Wenatchee Confluence State Park

By Dan Stephens
Photo courtesy of Hal Opperman

The Site

The Wenatchee Confluence State Park is at the confluence of the Wenatchee and Columbia Rivers, in the transition zone between the East Cascades and Columbia Plateau ecoregions. The park is continuous with Walla Walla Point Park on the south along the Columbia River. The best location for viewing a productive bay south of the confluence is a park bench and an opening along the north edge of Walla Walla Point Park, facing north. The 11-mile Wenatchee Loop Trail connects Confluence Park with Riverfront Park, offering excellent birding on the East Wenatchee side of the Columbia River at the Porter's Pond area. The 97-acre Horan Natural Area (HNA), south of the Wenatchee River, is the heart of this birding complex, comprising one of the largest remaining black cottonwood stands on the Columbia River. This area is especially important for migrating birds, due to its location in the bottom of the Wenatchee Valley and substantial riparian and wetland habitat. Several local and state rarities have been recorded here. Breeding habitat, although somewhat limited, supports several interesting species.

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The Birds

Confirmed breeding species include: Wood Duck, Canada Goose, Mallard, Common Merganser, Osprey, Red-tailed Hawk, Ring-necked Pheasant, California Quail, Killdeer, Spotted Sandpiper, Wilson's Snipe, Mourning Dove, Downy Woodpecker, Western Wood-Pewee, Say's Phoebe, Western Kingbird, Eastern Kingbird, Tree Swallow, Cliff Swallow, Barn Swallow, Black-capped Chickadee, Gray Catbird, Yellow Warbler, Common Yellowthroat, Song Sparrow, Black-headed Grosbeak, Red-winged Blackbird, Bullock's Oriole, House Finch, and American Goldfinch.

The Horan Natural Area is excellent for sparrows during migration and in winter. Species include: Lincoln's (often abundant in fall), Golden-crowned, White-crowned (common), White-throated (rare), Harris's (rare), Fox, American Tree, Vesper, and Savannah. Sparrows recorded only once or twice include: Baird's, Chipping, Brewer's, Clay-colored, and Lark, and also Lapland Longspur. Warbler numbers can reach extraordinary numbers, especially in late summer and early fall. Yellow-rumped (including fair numbers of Myrtle) and Orange-crowned Warblers are the most common, with Nashville, Townsend's, Wilson's, and MacGillivray's sometimes in fair numbers; Magnolia Warbler, Black-throated Gray Warbler, American Redstart, Northern Waterthrush, and Yellow-breasted Chat have also been recorded. Other passerines recorded here include Blue Jay, Purple Martin, Hermit Thrush, Veery, Rusty Blackbird, and Gray, Least, Dusky, Willow, and Olive-sided Flycatchers.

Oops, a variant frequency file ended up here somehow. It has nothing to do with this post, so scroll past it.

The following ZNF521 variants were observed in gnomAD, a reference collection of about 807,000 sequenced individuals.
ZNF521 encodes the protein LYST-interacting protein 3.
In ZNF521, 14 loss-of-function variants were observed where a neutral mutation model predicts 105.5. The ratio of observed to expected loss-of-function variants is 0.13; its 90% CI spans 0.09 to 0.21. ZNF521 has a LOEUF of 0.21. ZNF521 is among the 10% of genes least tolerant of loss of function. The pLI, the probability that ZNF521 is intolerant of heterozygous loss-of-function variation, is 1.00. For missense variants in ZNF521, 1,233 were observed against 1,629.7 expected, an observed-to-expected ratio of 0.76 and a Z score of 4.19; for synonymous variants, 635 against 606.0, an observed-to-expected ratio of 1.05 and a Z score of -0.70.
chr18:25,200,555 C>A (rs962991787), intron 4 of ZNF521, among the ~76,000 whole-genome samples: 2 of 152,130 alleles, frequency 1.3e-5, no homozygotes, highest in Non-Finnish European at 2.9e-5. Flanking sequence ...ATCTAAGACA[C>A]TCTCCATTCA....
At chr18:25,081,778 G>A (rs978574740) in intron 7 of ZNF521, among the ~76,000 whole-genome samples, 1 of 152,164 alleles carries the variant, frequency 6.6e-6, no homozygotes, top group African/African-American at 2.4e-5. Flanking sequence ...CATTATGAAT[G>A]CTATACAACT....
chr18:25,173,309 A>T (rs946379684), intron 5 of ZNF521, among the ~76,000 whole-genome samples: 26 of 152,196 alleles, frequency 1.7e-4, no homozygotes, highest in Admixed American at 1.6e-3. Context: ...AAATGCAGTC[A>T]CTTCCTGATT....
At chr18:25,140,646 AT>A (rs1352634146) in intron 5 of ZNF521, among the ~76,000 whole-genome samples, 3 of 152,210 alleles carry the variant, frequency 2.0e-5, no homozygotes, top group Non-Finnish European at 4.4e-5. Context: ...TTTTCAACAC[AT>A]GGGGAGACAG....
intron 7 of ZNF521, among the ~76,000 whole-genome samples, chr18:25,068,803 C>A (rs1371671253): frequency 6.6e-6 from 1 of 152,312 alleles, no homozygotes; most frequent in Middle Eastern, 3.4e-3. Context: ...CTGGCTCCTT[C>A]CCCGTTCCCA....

Gulls, waterfowl, waders, and shorebirds occur along the river banks, especially in the large bay between Walla Walla Park and Horan Natural Area. Water levels fluctuate daily with limited shorebird habitat exposed at times. When water levels are high, check the mowed grass in the RV park and at Walla Walla Park for shorebirds. Nineteen species of gulls, terns, and allies have been recorded, including Parasitic and Pomarine Jaegers; Mew, Laughing, Little, and Sabine's Gulls; and Arctic Tern. Thirty-three species of waterfowl have been recorded including Red-breasted Merganser, Long-tailed Duck, White-winged and Surf Scoters, Eurasian Wigeon (regular), both swans, Brant, and Ross's Goose. Twenty-two species of shorebirds include both dowitchers, Whimbrel, Pectoral Sandpiper, and Dunlin. Other interesting species include Yellow-crowned Night-Heron, Red-throated Loon, Clark's Grebe, Green Heron, Cattle Egret, and American Bittern.

Bald Eagles are regular in the winter, Black Swifts are occasionally observed in late summer (often during rain), and five species of falcons have been recorded, including Merlin (fairly common - two subspecies). A total of 224 species has been recorded in this relatively small area.

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Directions and Suggestions

Driving east on Highway 2, take the second Wenatchee exit, after which you will see signs to the Confluence State Park. Follow the brown signs to the park. Park just outside the main gate at the bottom of the hill, on the right. Walk along the main loop-trail to the south, across the blue foot-bridge over the Wenatchee River and into the Horan Natural Area Park. Checklists are available at a small kiosk near the restroom.

Walla Walla Point Park is off Walla Walla Street, which runs parallel to and just east of Wenatchee Avenue. You can reach Walla Walla Street at 9th Street or Haney Street. There is a large camping area on the north side of the Wenatchee River.

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References

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